(Jamie) Welcome to Farm Factor! First Kyle and Governor Sam Brownback talk about the worldwide importance of Kansas agriculture.
(Kyle Bauer) Hi. This is Kyle Bauer. I have the opportunity to visit with the Governor of the State of Kansas, Sam Brownback. Sam has been a strong advocate for agriculture his entire career. Governor, why is that? (Gov. Sam Brownback) Part of it is just being raised on a farm. A lot of it is recognizing just the beauty of this industry and its importance globally. You can go back in history and see that we’ve been supplying wheat and cattle and food products to people around the world for, basically, as long as we’ve been in the industry. What a great calling to be a part of that. It’s hard to imagine a better industry to be a centerpiece of than Kansas is to the global needs of food. (Kyle) Certainly that industry continues to grow. (Sam) It does. Even in these down market time periods, you’re seeing the industry grow and you’re seeing the industry trying to figure out how do we reinvent ourselves? And each time you’ve got more and more pressure, whether it’s from the environmentalists saying you can’t use this, you’ve got to do that; from the consumers saying I want this, I don’t want that; and the industry each time is just saying how do we respond, how do we move it forward and continuing to grow. We’ve got great growth taking place for instance in dairy. We’ve got the largest single build dairy processing plant in the country going up in Garden City. We’ve got chances to have things like the American Royal in Kansas, and then build an agricultural genetics complex around it, and the NBAF facility being built here. That’s a billion two of the most unusual facility in the world. There won’t be another one like it where you can research on the zoonotic diseases that go from animals to people, and we think we can build further the animal health corridor around that. There’s just a dynamic industry full of really good people that work well together, and this thing is going to continue to grow. (Kyle) Kansas is known as an ag-friendly state all the way from clean water and clean air, down to transportation issues. Why do we stand out in that direction? Do we just understand it? (Sam) I think we love it and we know that if you’re going to grow the space, there are other people that can grow it too, so you’ve got to take care of it. You’ve got to tend to it. You’ve got to make sure that those pieces are in place for it to be able to grow and prosper, even when you have down times. Prices are terrible, but you don’t give up on the industry. That’s just when you say what else can we do to see this business grow? Things too, like ethanol that had a lot of controversy for quite a period of time. Our price of corn now might be half of what it is if we didn’t have ethanol, right now taking up a third of the corn crop. (Kyle) Truly, as we look off into the future, Kansas continues to grow and a lot of that is because we’re in the central part of the nation, a good place to ship products out from. (Sam) You’ve got to be competitive on that, in the commodity business. You’ve got to be competitive on your shipping prices of it and that’s one of the key features for us. One of the things we’ve got to look at increasingly down the road is water. We just had a great, I think, agreement come together on the Republican River base, so that we can have accessible water in that agreement and the litigation we’ve been through in Nebraska and Colorado, but we’ve got to do that in the Ogallala, we got to do that in these reservoirs that supply so much of our water. To me, long term, that’s been one of the key pieces that we’ve really got to get right. (Kyle) We’re visiting with the Governor of the state of Kansas. This is Kyle Bauer reporting. Back to you, Jamie.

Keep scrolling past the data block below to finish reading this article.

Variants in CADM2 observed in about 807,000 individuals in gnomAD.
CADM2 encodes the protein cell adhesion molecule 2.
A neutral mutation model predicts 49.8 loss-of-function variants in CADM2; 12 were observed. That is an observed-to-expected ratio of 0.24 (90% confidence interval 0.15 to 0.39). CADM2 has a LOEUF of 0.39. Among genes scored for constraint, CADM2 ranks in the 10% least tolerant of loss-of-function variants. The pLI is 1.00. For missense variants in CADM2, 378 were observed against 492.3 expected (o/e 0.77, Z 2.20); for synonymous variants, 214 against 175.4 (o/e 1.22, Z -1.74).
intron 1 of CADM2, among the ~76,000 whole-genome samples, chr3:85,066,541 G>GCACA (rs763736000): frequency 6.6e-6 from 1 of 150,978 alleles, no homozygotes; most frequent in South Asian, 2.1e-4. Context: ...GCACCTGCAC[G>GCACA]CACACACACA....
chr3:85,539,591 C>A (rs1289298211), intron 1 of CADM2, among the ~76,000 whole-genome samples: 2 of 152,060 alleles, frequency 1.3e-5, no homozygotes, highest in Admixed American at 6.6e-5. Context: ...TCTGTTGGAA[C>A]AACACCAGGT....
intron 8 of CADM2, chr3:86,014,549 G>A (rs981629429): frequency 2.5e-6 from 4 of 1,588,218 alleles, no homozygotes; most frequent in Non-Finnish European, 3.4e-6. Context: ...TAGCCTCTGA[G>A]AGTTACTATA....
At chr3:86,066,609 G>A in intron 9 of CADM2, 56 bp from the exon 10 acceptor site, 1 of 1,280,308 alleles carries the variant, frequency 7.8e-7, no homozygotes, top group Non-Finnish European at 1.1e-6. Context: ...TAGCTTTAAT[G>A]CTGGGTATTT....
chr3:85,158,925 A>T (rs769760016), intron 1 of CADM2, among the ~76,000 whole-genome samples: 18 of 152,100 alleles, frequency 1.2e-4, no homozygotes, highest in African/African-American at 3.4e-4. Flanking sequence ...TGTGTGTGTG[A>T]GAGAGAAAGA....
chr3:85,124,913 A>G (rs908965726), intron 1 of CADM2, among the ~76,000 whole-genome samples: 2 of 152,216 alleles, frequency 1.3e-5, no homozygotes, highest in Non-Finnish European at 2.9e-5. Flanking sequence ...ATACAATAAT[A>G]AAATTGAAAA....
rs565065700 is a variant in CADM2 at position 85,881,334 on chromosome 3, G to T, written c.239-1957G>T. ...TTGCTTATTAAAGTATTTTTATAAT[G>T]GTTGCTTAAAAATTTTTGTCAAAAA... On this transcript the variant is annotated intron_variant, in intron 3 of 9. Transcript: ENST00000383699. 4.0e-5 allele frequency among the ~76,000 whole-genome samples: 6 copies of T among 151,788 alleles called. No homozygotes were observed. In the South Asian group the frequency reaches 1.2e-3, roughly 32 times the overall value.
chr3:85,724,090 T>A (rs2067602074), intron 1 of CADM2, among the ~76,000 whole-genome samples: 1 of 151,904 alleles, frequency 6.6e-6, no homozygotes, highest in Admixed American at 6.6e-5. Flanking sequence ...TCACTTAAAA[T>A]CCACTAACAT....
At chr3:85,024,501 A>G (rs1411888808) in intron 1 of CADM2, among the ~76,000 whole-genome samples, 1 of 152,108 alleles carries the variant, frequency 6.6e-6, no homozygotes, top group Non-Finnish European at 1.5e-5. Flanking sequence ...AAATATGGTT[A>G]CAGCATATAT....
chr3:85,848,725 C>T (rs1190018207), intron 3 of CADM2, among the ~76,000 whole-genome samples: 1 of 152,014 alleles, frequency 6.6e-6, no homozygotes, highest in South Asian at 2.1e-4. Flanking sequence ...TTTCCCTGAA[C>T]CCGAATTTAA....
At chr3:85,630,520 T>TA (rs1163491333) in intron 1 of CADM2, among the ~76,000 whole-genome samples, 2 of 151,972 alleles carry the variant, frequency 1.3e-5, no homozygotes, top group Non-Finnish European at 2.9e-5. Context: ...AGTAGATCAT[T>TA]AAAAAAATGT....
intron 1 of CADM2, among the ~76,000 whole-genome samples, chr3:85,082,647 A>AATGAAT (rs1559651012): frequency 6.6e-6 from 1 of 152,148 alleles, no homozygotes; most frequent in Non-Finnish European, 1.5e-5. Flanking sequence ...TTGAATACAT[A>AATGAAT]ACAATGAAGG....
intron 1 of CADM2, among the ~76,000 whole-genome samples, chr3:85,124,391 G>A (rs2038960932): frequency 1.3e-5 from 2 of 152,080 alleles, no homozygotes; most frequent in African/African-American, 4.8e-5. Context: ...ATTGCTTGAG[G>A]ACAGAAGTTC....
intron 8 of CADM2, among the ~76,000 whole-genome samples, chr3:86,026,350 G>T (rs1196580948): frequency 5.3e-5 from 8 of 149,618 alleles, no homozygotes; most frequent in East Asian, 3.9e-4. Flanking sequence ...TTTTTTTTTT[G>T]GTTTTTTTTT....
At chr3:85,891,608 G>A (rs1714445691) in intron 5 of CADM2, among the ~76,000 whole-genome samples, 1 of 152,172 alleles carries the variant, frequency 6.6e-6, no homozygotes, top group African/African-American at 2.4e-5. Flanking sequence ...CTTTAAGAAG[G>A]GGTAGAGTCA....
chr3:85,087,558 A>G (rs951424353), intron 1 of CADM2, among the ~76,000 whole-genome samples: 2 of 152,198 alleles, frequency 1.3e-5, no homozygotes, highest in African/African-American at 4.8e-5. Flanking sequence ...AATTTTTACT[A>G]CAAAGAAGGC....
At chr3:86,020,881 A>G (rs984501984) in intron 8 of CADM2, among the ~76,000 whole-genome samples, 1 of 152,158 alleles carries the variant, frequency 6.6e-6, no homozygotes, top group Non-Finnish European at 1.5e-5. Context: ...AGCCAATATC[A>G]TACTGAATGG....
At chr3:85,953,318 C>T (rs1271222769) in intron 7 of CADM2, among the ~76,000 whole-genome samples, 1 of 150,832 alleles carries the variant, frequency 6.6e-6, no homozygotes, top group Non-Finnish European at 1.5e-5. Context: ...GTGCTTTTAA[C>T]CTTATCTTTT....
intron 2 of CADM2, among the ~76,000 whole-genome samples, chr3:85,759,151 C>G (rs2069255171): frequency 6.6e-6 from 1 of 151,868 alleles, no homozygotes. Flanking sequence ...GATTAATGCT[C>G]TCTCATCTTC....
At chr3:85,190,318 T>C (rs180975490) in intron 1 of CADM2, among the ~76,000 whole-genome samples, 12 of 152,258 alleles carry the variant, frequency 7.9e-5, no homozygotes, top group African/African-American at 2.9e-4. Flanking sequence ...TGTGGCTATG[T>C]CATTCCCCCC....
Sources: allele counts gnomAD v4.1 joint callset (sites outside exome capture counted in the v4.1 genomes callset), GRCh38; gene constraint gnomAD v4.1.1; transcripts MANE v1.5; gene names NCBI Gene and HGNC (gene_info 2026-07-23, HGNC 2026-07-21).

(Jamie) Folks, come back after these messages for this week’s Kansas Soybean Update.